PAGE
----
A study of smoking cessation training courses reveals gaps but provides a
useful starting point for national standards
Smoking cessation training courses generally lack accreditation, have often
been running for less than a year and offer trainees relatively little
follow-up, according to a survey by the Government’s Health Development Agency.
The study of smoking cessation training, the first of its kind in England,
was designed to look at what training is being provided two years on from the
launch of the Government’s national smoking cessation service.
Smoking cessation services were launched within health action zones in 1999
and were meant to have been provided in all health authorities from April last
Their launch means people wanting to give up smoking can make use of an
extended range of services, including a national telephone helpline, nicotine
replacement therapy and smoking cessation aids on prescription.
The HDA study found there were relatively few general training providers for
such services and health authorities relied heavily on in-house training.
Other findings included the fact that only one provider had been through any
sort of formal accreditation procedure, as such procedures were generally not
Many courses had only been in operation for a year or less, and so far,
there had been relatively little follow-up of trainees.
The survey, which brought together details of trainers and courses, could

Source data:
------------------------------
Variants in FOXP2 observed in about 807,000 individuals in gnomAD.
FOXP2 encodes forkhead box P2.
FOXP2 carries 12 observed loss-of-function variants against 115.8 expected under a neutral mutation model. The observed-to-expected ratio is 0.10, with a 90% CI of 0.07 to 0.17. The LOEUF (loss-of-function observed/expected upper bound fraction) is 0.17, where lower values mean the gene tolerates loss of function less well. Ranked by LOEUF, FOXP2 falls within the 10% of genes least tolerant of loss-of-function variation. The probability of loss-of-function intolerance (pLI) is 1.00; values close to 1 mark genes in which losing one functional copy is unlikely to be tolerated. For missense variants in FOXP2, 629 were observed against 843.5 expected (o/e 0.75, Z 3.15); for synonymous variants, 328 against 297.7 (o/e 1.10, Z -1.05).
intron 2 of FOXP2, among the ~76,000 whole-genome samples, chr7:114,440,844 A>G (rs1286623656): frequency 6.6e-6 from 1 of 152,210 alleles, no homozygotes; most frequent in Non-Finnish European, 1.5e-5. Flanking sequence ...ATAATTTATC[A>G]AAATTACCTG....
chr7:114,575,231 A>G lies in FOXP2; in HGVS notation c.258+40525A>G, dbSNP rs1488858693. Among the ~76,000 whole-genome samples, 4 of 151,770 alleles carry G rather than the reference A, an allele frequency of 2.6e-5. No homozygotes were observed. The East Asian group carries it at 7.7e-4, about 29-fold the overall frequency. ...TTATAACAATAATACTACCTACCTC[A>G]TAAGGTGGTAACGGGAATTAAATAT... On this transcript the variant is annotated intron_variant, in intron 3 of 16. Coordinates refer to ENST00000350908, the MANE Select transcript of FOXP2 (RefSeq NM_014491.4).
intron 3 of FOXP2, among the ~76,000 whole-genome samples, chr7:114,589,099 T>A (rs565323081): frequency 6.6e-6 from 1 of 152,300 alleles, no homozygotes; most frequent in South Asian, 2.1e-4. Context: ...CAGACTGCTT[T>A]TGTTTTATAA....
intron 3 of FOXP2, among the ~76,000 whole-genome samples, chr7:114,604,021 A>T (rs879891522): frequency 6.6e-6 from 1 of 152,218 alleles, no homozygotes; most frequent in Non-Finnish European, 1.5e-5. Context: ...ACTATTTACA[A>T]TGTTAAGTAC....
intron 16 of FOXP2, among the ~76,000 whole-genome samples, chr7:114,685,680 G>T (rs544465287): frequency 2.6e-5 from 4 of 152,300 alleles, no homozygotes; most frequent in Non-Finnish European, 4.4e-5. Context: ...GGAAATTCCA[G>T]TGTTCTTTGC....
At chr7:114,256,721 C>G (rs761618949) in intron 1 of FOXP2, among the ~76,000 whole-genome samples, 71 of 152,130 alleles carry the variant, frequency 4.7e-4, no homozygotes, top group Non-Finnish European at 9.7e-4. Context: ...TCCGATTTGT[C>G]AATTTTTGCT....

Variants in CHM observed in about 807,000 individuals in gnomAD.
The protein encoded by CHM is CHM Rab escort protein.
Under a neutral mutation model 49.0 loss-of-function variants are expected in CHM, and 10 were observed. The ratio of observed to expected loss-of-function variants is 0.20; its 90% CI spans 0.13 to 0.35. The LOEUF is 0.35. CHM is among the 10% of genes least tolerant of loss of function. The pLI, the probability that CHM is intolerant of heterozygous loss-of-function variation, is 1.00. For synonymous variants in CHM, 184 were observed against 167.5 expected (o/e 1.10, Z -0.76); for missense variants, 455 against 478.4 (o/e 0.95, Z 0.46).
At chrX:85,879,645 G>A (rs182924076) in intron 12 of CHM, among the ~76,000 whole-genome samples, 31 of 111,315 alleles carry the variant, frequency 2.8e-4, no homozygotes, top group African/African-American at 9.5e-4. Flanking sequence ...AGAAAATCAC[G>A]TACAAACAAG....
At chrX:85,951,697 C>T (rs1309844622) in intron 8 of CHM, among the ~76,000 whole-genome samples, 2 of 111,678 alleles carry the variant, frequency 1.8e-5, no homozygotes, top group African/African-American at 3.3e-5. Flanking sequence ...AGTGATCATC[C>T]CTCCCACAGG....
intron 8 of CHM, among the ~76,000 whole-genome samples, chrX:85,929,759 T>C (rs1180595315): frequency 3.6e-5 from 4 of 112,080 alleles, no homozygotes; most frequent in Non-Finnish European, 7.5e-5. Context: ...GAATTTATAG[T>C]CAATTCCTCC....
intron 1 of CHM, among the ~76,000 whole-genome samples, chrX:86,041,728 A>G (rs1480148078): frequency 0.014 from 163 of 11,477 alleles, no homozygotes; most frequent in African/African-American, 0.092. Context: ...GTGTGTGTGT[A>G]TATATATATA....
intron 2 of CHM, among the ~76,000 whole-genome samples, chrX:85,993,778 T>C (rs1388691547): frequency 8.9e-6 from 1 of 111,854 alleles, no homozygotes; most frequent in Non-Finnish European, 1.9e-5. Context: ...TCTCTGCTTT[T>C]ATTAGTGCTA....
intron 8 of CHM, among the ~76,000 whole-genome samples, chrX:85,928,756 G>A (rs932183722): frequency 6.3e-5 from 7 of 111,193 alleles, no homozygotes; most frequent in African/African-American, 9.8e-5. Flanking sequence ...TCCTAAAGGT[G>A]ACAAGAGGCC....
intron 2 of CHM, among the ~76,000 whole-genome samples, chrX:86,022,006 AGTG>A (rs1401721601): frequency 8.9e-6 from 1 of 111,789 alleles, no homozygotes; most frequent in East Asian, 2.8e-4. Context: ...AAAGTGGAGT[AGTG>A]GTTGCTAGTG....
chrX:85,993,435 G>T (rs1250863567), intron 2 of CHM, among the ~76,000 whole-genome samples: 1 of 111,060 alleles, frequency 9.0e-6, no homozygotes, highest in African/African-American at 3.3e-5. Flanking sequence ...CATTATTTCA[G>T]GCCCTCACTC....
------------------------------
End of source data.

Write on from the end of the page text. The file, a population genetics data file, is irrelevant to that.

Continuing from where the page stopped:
act as a useful starting point for the development of national standards for
smoking cessation training, said the HDA.
HDA public health adviser Lesley Owen said, "This survey helps to map
out what smoking cessation training is available to health professionals across
England, although inclusion doesn’t mean that the courses are endorsed by the
In July, the Government published figures showing that more than 61,000
smokers gave up the habit in the past year after receiving help from smoking
Smoking in pubs will be banned
The restaurant and pub trade will
sooner or later be forced to ban smoking in their establishments to protect
staff, delegates to a British Lung Foundation conference on cigarette smoking
heard in September.
In the summer the Government, following pressure from pubs and
restaurants, rejected advice from the Health and Safety Commission for a code
to force employers either to ban smoking or take stringent measures to protect
staff from others’ smoke.
But Dr Ken Anderson, chairman of the British Lung Foundation in
Scotland, said delegates had agreed restaurants, pubs and hotels would
eventually have to bow to the inevitable.
"They will have to recognise that the health of their
employees is of paramount importance," he said.
Other issues discussed at the conference included anti-smoking
strategies, cessation guidelines, smoking and lung disease and pulmonary